Schooling Plans

Lesson Plan 5 Improving The Flying Change.

The aim of this schooling plan is to work through improving firstly the canter and then the flying changes. This a general plan and will need to be tweaked to the individual horse and rider. Always take time and only work this type of plan when your horse is suitably ready!

The flying change is when the horse changes directly from one canter lead to the other. In other words it could be said that the flying change is a transition to canter ridden from canter. I feel that thinking about it this way helps to break down what is required and helps the rider build up a mental image of what is needed simply to ride a canter transition, but instead of this being from trot or walk you ride it from canter. Therefore there are two main qualities to initially look at the quality of the canter and therefore the better the moment of suspension and the second being the evenness of both canters.

Schooling plan:

1. Walk stretch, big walk and really draping him down whilst actively stepping forwards. Then have a period of stretching the horse down in trot. Looking for looseness, relaxation and stretch with active forward steps.
{Options: include canter stretch depending on level and balance of horse}

2. Pick up an active forwards working trot going large around the arena and on the long side ride trot to walk, 1 stride of walk forwards to halt, a couple of steps of rein back, forwards to walk for 1 stride and then trot. Repeat this a couple of times, including one on the diagonal line for a change of rein and then in the other direction. This is to encourage the horse to be responsive to the aids, light to the hand, crisp off the leg and starting to become engaged.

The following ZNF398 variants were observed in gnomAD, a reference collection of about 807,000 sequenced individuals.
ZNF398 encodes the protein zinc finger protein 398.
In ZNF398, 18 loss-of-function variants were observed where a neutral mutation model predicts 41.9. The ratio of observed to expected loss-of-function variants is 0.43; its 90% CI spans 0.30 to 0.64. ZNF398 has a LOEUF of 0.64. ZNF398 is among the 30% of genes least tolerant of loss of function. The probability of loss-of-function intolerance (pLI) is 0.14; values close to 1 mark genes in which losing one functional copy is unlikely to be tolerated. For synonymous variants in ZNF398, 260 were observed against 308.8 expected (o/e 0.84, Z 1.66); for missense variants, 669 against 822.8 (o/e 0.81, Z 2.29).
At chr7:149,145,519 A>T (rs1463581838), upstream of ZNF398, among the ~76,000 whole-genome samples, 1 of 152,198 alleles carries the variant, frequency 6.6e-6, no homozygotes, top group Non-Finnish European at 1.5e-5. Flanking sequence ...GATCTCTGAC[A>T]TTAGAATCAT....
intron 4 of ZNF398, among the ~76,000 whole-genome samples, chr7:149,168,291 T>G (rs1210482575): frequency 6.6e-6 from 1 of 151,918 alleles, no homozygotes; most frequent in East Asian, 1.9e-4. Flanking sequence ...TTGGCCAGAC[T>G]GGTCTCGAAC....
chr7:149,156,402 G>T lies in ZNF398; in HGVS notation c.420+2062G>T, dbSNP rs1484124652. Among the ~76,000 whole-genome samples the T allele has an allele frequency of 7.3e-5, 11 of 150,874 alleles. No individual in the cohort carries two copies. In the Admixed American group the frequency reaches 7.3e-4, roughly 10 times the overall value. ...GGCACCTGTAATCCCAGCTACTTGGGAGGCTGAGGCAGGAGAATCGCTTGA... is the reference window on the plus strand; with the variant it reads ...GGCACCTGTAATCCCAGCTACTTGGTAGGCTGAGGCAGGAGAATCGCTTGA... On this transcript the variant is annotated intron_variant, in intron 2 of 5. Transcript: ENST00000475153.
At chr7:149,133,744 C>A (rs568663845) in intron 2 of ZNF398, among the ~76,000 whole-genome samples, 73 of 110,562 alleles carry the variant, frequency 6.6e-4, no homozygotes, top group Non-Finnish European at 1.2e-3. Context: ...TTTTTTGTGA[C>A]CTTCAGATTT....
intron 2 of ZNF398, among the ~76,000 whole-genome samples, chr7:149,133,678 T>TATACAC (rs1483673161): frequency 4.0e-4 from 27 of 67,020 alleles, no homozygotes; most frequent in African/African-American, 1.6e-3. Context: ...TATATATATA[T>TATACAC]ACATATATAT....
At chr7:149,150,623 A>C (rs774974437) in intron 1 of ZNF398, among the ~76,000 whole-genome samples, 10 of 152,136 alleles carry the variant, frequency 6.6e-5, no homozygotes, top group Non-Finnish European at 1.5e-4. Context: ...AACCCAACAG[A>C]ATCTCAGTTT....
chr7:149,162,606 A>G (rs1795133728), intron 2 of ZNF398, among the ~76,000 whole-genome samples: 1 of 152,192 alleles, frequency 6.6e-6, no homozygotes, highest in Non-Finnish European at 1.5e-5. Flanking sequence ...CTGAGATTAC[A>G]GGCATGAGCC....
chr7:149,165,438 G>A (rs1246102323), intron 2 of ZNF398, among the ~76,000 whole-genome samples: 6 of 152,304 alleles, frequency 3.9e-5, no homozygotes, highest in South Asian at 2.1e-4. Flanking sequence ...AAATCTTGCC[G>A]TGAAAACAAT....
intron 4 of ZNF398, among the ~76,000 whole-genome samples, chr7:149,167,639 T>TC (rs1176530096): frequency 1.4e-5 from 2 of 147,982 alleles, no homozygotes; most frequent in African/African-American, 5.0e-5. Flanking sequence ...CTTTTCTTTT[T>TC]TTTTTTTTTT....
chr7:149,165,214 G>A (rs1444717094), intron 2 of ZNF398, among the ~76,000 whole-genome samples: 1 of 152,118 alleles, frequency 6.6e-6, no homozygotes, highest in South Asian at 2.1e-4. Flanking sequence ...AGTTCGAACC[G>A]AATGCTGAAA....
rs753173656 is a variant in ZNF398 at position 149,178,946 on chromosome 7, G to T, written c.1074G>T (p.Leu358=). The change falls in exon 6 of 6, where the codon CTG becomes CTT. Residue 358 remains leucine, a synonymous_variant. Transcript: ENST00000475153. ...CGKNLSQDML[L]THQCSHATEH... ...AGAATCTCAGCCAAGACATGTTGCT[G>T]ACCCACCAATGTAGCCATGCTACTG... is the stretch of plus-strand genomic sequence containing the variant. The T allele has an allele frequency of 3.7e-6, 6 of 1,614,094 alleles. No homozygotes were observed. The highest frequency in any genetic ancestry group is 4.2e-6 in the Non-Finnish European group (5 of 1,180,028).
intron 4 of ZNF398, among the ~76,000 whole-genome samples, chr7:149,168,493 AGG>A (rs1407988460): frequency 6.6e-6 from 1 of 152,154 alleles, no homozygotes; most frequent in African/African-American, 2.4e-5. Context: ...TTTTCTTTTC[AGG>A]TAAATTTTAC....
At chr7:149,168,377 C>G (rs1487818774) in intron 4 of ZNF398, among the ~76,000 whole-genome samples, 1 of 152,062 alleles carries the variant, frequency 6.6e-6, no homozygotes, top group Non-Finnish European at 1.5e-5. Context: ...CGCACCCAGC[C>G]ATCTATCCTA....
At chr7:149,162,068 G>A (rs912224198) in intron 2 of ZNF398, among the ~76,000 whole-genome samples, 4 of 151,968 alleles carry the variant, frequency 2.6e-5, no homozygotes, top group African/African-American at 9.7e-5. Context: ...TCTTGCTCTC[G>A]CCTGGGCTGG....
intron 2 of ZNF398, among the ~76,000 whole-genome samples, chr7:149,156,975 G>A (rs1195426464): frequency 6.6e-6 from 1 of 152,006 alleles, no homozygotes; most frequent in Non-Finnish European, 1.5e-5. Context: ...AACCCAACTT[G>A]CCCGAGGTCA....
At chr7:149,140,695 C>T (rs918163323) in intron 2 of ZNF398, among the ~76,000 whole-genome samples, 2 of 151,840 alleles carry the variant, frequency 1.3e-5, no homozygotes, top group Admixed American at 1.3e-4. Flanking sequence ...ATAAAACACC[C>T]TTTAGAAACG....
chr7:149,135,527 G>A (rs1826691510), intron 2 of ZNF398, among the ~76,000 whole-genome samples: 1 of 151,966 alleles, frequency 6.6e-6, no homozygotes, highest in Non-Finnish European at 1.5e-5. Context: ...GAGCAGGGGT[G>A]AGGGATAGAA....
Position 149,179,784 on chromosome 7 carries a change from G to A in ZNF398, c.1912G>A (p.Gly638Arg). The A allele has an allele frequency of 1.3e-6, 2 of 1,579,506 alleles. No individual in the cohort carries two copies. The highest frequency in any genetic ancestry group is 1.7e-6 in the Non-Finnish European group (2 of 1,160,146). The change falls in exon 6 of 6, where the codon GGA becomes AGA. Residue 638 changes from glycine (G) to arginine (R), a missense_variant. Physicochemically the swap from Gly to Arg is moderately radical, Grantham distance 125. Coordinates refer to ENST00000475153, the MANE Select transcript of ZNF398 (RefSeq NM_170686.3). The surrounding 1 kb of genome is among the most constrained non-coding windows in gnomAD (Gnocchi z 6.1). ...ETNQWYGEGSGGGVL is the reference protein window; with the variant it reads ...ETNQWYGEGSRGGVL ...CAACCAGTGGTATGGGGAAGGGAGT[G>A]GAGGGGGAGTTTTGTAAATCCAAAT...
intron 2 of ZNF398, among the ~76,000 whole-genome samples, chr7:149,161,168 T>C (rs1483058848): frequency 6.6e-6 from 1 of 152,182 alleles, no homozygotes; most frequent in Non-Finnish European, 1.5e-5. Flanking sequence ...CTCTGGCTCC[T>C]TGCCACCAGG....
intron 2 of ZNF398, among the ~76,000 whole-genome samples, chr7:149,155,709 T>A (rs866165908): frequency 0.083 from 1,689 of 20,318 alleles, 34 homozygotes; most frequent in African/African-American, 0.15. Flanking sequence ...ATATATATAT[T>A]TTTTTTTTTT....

Have a walk break.

3. Walk and trot are symmetrical; canter is not and so we need an increased lateral suppleness to help the canter. So the next part of this lesson plan is to ride in trot through the short side past A, say on the right rein and as you start the long side from K leg yield from the track to the centre line away from your left leg, from the centre line ride a half 10m circle left to the track and return down the long side in left shoulder-in. Ride through the short side past A and then repeat from F in the other direction. Repeat a couple of times in each direction.

Have a trot stretch and then a walk break.

4. Have a warm up canter both ways, looking for suppleness, acceptance of the aids, balance and forward activity. Then walk large say on the right rein. As you start the long side at each marker ride a walk to canter transition as you start a 10m circle (first one from K) and as you return to the wall canter to walk transition. Walk to the next marker and repeat, walk to canter straight onto a 10m circle and canter to walk as you return to the track. Do this at each marker down the long side. Through the short side walk stretch and an active walk across the short diagonal M to E, pick up the medium walk and repeat the exercise starting from F down the next long side.